A group of local and national building associations have just released a 20-point plan to stimulate economic growth and job creation in Ontario’s post COVID-19 economy.
The plan, prepared by the Canadian and Ontario Home Builders’ Associations (CHBA and OHBA) and the Building Industry and Land Development Association (BILD), was presented to the Ontario Jobs and Recovery Committee with specific measures to boost Ontario’s economy.
Undoubtedly, COVID-19 has had a profound impact not only on the GTA, but also on the Ontario and Canadian economy as a whole. In order to limit further economic downturn in the residential and commercial construction industry, the building association’s proposed liquidity and recovery measures are designed to help ensure rapid economic recovery.
And although the proposed measures are to be deployed by all levels of government, the mandate is primarily a GTA-focused recovery plan because this region is considered to be Canada’s economic engine contributing approximately 20% towards Canada’s GDP.
The report also highlights that for every 1,000 housing units in the GTA, the city generates 72 million in HST, $80 million in development charges, $11 million in land transfer tax, and $5 million in education development charges.
In addition, companies across the GTA deliver on average approximately 35,000 to 40,000 new homes each year from all home types, which helps provide a clear estimation of both the direct and indirect effects of industry activity and contributions in tax revenues.
Nevertheless, between 2006 and 2019, home completions in the GTA have fallen over 100,000 units short compared to demand projected by the 2006 Provincial Growth Plan. Since 2006, there has been a total unmet demand of 115,400 units with an annual average of 8,240 units. Typically, in a healthy market, the GTA’s inventory would sit at eight month’s supply or greater. The current supply inventory for all home types has dipped under four month’s supply. This data is quite alarming and highlights the importance of immigration to the GTA.
GTA & Simcoe, 2006-2019
There are a total of three mandates, which are focused on creating a recovery plan, providing economic stimulus, and generating new job growth.
Creating a Recovery Plan
At the request of Premier Ford, the Ontario Jobs and Recovery Committee is convening to prepare for the next phase of Ontario’s Action Plan, which will come into force once COVID-19 is contained. Ontario’s Action Plan includes a number of liquidity measures to create an impact on consumers and businesses such as:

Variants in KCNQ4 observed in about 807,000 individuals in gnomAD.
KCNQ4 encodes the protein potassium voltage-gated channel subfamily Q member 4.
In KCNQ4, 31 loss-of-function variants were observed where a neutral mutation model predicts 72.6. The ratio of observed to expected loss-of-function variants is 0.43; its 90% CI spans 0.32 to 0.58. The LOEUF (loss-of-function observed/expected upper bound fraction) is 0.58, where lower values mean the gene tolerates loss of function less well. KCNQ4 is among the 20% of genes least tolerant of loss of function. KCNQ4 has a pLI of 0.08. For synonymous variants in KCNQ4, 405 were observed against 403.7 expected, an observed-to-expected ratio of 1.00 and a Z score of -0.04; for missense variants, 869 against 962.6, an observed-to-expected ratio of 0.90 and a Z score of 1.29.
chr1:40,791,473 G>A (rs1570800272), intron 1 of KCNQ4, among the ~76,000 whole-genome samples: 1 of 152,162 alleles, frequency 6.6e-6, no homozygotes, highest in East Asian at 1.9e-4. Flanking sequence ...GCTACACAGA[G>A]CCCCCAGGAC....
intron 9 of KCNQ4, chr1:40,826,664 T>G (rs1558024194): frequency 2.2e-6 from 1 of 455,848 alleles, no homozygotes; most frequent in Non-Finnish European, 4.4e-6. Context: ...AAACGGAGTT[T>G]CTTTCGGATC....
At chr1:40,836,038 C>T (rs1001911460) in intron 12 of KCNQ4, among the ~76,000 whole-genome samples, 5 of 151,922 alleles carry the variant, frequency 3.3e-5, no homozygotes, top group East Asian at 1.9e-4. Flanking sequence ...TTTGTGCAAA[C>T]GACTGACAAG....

- Revising the Canadian Mortgage Stress Test for both insured and uninsured mortgages
- Introducing 30-year amortizations for insured mortgages
- Transferring mortgage tenancy to the date of occupancy for new condominiums
- Eliminating security deposits for Ontario Land Transfer Tax on affiliated transfers, and
- Freezing municipal increasing to Property Tax Reassessment and development charges
Providing Economic Stimulus
Another important aspect of any economic recovery requires the provision of appropriate stimulus to incentivize businesses and consumers. Providing economic stimulus through financial relief to the industry and consumer include the following proposed measures:
- Removing GST and HST from new home purchases and affiliated rebates
- Permitting interest deductions on a current basis as opposed to being capitalized to land inventory
- Suspending or even eliminating the application of certain taxes such as the Ontario Land Transfer Tax, Municipal Land Transfer Tax, HST, and
- Removing GST from construction costs of new rental housing, as well as costs for renovating rental housing
Generating New Job Growth
The third category emphasizes the importance of generating new job growth. The specific liquidity measures required to generate employment opportunities to replace lost jobs while maintaining the current tax rate include:
- Developing an Ontario infrastructure fund to repair and build new roads, bridges, potholes, and schools to create jobs that can benefit the community at large
- Introducing a home renovation tax credit for 2020 and 2021
- Creating a refundable tax credit for expenses related to upgrading buildings in Ontario and for repurposing facilities in Ontario due to COVID-19, and
- Enhancing municipal service delivery efficiencies
The aforementioned measures from the building associations are designed to prevent further liquidity challenges and economic downturn in the residential and commercial construction industry.
BILD represents the home building, land development and professional renovation industry in the GTA. The building and renovation industry provides $34 billion in investment value and employs 270,000 people in the region. For more information on the proposed measures and to read the full report please click here.